I used to have this addiction and I opted to cut myself down to once a week. I would hold out until Friday and save this little splurge as a bonus for making it that far in the week. Cutting your spending from $35 to $5 a week is still a HUGE deal and a much more realistic goal.

Be real with yourself and understand that you shouldn’t make your life miserable to be able to travel more. Then, it’s kind of pointless, huh?

Another aspect of being realistic is about how you want to travel. If you can only afford super budget trips, but hate hostels, don’t plan a trip where you have to stay in hostels the whole time in order to do it. Have a long talk with yourself about what kind of travel you like and what your budget really is for it.

Find a Job That Let’s You Travel But That You Also Enjoy

Finally! My favorite part about this! Yes, I work a LOT but I have developed a life and a career that allows me to do that work anywhere! It is a hell of a lot better setting up my coffee and computer on a balcony overlooking the ocean than working in an office in cold snowy Upstate, NY with other miserable, cold people.

Through following my passions, I’ve spent a lot of time researching and teaching myself skills that I can do anywhere. I do graphic design, freelance writing, virtual assistant work, manage social media profiles for travel companies. You name it. I do it.

There are a lot of options when it comes to remote work, from basic things like medical transcribing to advanced web development. Believe in yourself and find something that you enjoy. It can be hard to motivate yourself to do work at 6am instead of watching the sunrise on the beach if you don’t at least somewhat enjoy what you’re doing.

 

Megan Stetzel

Megan is a girl that shouldn’t travel. She’s gluten free, allergic to everything else, falls off motorcycles, poops her pants, gets bit by stray dogs and yet she’s still been traveling the world. She's the co-founder and editor of Why Wait. Read More About Megan here.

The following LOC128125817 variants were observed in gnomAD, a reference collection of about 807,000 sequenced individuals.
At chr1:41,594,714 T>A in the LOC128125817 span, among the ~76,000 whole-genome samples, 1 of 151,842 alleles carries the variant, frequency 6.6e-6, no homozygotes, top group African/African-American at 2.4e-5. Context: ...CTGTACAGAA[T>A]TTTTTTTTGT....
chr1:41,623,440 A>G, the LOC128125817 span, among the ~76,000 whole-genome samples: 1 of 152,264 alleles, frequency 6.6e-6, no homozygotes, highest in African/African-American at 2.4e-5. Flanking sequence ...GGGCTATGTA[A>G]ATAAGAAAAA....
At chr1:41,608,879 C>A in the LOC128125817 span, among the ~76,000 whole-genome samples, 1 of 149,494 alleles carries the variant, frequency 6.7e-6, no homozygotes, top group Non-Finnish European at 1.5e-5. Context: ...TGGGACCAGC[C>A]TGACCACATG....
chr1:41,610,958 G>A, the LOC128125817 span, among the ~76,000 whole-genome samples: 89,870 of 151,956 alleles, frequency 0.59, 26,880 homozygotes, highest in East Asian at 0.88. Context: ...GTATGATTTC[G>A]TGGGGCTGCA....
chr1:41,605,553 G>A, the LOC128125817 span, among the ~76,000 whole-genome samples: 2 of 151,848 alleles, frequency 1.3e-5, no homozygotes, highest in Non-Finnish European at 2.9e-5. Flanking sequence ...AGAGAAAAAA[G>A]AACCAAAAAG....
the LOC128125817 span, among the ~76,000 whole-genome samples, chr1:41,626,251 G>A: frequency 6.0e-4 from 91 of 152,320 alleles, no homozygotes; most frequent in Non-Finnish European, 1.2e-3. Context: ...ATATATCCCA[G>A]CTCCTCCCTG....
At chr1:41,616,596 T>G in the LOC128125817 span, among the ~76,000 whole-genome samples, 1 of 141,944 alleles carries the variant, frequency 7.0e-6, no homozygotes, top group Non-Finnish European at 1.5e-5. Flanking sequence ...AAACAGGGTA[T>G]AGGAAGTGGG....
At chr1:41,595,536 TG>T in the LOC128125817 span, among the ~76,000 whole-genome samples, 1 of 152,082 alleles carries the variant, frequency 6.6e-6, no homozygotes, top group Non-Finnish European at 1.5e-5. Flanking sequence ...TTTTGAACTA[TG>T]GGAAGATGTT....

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12 thoughts on “Money Changes I’ve Made to Support a Life Filled with Travel”

  1. Yes! ?? Cutting out the little money sucks like Starbucks, iPhone apps and haircuts has worked for me. It’s so easy to have money just slip away, but it also makes you evaluate what you really want in life and how willing you are to change your habits for it.

  2. I one hundred percent agree with all of this, including the last one. A lot of people seem to think that having an expensive hobby means sacrificing by working a good job that you hate. I’m glad to see that you’ve managed to avoid that!

    1. I’ve always had the notion that I want to enjoy every day, not waste two years working like a dog hating my life in order to have 1 or 2 REALLY good years. That just didn’t work for my motivation train, so I found something that did!

  3. Great tips. I recently quit my job in finance and started realizing that I didn’t need all those extra things, maybe with my savings after finding a new job I will be able to travel more!

  4. Over time I’ve realised that saving is 28628292 times easier when 1. You’re looking forward to what you’re saving for 2. You’re doing something you enjoy to save; I love my job and even when days get tough I don’t mind being there because at the end of the day I’m motivated to earn that cash for a reason and I’m going to benefit from it ?